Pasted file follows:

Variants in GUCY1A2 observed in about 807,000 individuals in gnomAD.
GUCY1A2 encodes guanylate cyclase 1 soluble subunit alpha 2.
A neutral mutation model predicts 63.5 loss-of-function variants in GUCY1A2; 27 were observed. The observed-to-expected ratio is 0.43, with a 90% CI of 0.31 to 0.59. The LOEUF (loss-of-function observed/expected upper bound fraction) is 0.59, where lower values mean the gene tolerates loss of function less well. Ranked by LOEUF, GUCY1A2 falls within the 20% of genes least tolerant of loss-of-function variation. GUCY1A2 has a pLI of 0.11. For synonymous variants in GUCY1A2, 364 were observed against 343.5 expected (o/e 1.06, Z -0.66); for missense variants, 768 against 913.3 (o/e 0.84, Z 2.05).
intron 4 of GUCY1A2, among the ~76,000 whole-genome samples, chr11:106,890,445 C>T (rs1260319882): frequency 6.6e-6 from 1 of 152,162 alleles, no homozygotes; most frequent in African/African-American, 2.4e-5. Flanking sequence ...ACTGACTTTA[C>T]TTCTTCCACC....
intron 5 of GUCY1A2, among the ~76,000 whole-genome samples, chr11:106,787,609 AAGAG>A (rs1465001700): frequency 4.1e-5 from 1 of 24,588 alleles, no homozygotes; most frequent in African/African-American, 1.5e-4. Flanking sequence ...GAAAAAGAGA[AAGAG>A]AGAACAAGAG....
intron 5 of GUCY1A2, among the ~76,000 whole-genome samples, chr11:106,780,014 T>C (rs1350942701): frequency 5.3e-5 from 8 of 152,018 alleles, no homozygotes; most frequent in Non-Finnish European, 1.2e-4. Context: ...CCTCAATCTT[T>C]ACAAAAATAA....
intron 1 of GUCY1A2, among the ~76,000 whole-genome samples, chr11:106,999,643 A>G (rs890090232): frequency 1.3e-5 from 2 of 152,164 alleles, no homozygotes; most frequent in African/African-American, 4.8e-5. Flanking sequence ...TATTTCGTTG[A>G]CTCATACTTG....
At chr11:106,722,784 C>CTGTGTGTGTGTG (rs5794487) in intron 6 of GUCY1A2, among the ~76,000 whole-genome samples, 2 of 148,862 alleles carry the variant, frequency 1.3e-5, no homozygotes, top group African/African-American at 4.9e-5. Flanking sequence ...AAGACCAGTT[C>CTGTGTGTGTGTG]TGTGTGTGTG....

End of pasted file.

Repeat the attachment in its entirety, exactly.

Variants in GUCY1A2 observed in about 807,000 individuals in gnomAD.
GUCY1A2 encodes guanylate cyclase 1 soluble subunit alpha 2.
A neutral mutation model predicts 63.5 loss-of-function variants in GUCY1A2; 27 were observed. The observed-to-expected ratio is 0.43, with a 90% CI of 0.31 to 0.59. The LOEUF (loss-of-function observed/expected upper bound fraction) is 0.59, where lower values mean the gene tolerates loss of function less well. Ranked by LOEUF, GUCY1A2 falls within the 20% of genes least tolerant of loss-of-function variation. GUCY1A2 has a pLI of 0.11. For synonymous variants in GUCY1A2, 364 were observed against 343.5 expected (o/e 1.06, Z -0.66); for missense variants, 768 against 913.3 (o/e 0.84, Z 2.05).
intron 4 of GUCY1A2, among the ~76,000 whole-genome samples, chr11:106,890,445 C>T (rs1260319882): frequency 6.6e-6 from 1 of 152,162 alleles, no homozygotes; most frequent in African/African-American, 2.4e-5. Flanking sequence ...ACTGACTTTA[C>T]TTCTTCCACC....
intron 5 of GUCY1A2, among the ~76,000 whole-genome samples, chr11:106,787,609 AAGAG>A (rs1465001700): frequency 4.1e-5 from 1 of 24,588 alleles, no homozygotes; most frequent in African/African-American, 1.5e-4. Flanking sequence ...GAAAAAGAGA[AAGAG>A]AGAACAAGAG....
intron 5 of GUCY1A2, among the ~76,000 whole-genome samples, chr11:106,780,014 T>C (rs1350942701): frequency 5.3e-5 from 8 of 152,018 alleles, no homozygotes; most frequent in Non-Finnish European, 1.2e-4. Context: ...CCTCAATCTT[T>C]ACAAAAATAA....
intron 1 of GUCY1A2, among the ~76,000 whole-genome samples, chr11:106,999,643 A>G (rs890090232): frequency 1.3e-5 from 2 of 152,164 alleles, no homozygotes; most frequent in African/African-American, 4.8e-5. Flanking sequence ...TATTTCGTTG[A>G]CTCATACTTG....
At chr11:106,722,784 C>CTGTGTGTGTGTG (rs5794487) in intron 6 of GUCY1A2, among the ~76,000 whole-genome samples, 2 of 148,862 alleles carry the variant, frequency 1.3e-5, no homozygotes, top group African/African-American at 4.9e-5. Flanking sequence ...AAGACCAGTT[C>CTGTGTGTGTGTG]TGTGTGTGTG....